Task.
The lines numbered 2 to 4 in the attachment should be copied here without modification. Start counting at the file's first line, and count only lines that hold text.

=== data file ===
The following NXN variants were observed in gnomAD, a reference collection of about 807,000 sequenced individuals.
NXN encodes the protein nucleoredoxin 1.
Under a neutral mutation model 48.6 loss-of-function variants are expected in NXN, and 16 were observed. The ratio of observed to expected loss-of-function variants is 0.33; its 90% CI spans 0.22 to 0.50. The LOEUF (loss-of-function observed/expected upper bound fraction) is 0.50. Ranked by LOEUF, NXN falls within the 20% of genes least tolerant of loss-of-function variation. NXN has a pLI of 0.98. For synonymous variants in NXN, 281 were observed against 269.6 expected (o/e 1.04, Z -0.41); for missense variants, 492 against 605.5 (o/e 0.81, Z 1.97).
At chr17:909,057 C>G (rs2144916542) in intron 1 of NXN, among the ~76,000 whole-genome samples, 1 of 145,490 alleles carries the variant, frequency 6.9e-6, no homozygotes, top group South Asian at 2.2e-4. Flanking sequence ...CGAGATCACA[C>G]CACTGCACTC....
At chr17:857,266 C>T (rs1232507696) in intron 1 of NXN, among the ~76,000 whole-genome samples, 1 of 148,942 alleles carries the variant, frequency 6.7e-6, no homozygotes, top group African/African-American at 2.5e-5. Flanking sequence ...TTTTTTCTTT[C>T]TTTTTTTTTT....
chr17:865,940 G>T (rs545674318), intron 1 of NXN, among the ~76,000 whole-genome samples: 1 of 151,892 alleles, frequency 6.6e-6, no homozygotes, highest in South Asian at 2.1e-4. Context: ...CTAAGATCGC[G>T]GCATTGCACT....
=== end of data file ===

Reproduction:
NXN encodes the protein nucleoredoxin 1.
Under a neutral mutation model 48.6 loss-of-function variants are expected in NXN, and 16 were observed. The ratio of observed to expected loss-of-function variants is 0.33; its 90% CI spans 0.22 to 0.50. The LOEUF (loss-of-function observed/expected upper bound fraction) is 0.50. Ranked by LOEUF, NXN falls within the 20% of genes least tolerant of loss-of-function variation. NXN has a pLI of 0.98. For synonymous variants in NXN, 281 were observed against 269.6 expected (o/e 1.04, Z -0.41); for missense variants, 492 against 605.5 (o/e 0.81, Z 1.97).
At chr17:909,057 C>G (rs2144916542) in intron 1 of NXN, among the ~76,000 whole-genome samples, 1 of 145,490 alleles carries the variant, frequency 6.9e-6, no homozygotes, top group South Asian at 2.2e-4. Flanking sequence ...CGAGATCACA[C>G]CACTGCACTC....